**abstract:**
Self-avoiding polygons are simple closed curves embedded in a regular lattice.
They belong to a family of objects, known collectively as lattice animals, that lie at
the heart of lattice models of polymers, magnets and other phenomena. This large
family of discrete structures has been a source of combinatorial problems for over
50 years and many basic questions remain stubbornly unsolved. For example, the
simple enumerative question - "How many self-avoiding polygons are there of
length n?" is currently best answered by an algorithm that requires exponential time
and memory.
The question of counting polygons on the cubic lattice is enriched by topology -
self-avoiding polygons have well defined knot types. The exact computation of the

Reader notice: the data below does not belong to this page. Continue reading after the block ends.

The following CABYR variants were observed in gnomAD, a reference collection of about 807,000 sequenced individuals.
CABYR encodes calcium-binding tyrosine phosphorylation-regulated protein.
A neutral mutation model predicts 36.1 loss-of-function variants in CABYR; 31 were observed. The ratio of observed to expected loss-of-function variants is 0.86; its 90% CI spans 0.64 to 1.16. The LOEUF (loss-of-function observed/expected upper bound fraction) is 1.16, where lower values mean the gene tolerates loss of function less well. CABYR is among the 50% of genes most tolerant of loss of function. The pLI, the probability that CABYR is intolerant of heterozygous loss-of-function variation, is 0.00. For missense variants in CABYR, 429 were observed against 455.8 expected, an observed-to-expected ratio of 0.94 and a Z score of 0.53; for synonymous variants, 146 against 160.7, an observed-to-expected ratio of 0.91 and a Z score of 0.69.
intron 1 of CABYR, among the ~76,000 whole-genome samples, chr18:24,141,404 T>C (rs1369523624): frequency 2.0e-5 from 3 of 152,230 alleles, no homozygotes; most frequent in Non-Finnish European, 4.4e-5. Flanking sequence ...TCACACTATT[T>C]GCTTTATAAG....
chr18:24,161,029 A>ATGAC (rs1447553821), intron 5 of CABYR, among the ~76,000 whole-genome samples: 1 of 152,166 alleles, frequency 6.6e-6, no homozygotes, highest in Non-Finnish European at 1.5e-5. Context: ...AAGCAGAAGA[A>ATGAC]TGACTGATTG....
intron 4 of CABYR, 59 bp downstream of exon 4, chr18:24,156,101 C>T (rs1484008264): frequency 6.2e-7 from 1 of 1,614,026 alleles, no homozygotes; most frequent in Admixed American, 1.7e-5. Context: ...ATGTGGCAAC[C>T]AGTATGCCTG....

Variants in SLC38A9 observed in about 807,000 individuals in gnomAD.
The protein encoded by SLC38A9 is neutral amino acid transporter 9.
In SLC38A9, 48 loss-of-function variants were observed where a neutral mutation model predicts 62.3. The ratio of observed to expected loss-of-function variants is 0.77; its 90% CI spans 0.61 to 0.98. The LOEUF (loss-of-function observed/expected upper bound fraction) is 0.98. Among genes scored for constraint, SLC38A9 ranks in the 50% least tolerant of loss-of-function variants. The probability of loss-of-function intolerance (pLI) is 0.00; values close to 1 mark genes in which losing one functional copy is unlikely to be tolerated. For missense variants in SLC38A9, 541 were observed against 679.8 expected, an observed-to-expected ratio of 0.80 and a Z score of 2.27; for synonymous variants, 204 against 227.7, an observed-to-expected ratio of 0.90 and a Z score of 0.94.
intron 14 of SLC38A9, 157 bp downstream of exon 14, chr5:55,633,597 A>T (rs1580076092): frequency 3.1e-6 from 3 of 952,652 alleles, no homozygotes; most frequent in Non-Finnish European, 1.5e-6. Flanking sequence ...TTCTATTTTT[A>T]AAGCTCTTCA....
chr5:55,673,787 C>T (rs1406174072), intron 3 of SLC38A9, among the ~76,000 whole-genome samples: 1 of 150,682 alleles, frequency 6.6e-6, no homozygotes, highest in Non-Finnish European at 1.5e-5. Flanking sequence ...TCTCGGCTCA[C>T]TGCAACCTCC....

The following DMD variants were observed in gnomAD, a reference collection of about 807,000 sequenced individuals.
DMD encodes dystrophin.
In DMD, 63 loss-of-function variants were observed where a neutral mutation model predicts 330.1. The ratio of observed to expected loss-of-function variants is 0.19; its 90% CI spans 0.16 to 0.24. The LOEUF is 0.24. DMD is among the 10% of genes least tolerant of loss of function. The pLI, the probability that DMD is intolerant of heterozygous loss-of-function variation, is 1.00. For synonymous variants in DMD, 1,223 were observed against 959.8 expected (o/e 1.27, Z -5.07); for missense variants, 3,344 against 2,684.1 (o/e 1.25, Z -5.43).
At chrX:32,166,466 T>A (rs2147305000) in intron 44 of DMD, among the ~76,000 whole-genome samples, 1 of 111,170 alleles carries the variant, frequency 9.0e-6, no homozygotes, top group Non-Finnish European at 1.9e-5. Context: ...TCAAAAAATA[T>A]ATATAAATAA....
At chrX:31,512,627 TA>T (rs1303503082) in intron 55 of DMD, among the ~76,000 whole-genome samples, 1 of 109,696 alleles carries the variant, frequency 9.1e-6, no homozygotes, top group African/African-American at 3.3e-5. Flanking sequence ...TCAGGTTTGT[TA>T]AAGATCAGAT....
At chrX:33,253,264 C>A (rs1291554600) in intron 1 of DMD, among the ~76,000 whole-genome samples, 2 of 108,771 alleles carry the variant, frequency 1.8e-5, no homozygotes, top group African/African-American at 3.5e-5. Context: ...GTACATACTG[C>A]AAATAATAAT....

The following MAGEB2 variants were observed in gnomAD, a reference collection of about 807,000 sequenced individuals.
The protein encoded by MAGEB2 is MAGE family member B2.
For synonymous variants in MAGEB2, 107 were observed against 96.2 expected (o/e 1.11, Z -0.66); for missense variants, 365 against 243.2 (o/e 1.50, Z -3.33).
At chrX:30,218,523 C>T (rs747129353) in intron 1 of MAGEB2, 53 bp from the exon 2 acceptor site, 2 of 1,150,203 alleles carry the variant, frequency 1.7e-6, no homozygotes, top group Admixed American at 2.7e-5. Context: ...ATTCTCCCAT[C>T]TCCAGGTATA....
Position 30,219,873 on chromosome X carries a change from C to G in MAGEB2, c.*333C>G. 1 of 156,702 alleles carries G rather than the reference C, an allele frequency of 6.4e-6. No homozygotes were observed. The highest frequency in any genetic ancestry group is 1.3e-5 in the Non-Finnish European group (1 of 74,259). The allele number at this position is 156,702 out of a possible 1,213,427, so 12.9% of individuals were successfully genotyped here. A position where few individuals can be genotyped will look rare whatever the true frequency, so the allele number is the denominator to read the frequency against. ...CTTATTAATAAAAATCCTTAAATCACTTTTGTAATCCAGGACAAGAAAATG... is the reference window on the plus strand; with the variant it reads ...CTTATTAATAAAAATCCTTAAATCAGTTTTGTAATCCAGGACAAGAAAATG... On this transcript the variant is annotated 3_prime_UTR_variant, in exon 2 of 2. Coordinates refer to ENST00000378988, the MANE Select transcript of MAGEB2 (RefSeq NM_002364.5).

number of polygons of length n and fixed knot type K is extremely difficult -
indeed the current best algorithms can barely touch the first knotted polygons. In
this talk I will discuss a different approach to the problem. Instead of of exact
methods, we have used an approximate enumeration method - which we call the
GAS algorithm. This is a generalisation of the famous Rosenbluth method for
sampling self-avoiding walks.
Using this algorithm we have estimated the number of polygons of different lengths
and knot types on three different cubic lattices. These give direct evidence that the
asymptotic growth of the number of polygons of a fixed knot type K is simply
related to the growth of the number of unknotted polygons and the number of prime
components in K. We have also studied the relative frequencies of different knots -
for example, the ratio of the number of trefoils to the number of figure-eights. We
see strong evidence that these ratios are universal suggesting that a very long closed
curve is about 27 times more likely to be a trefoil than a figure-eight.

Thu 9 Jun, 11:30 - 12:30, Aula Dini

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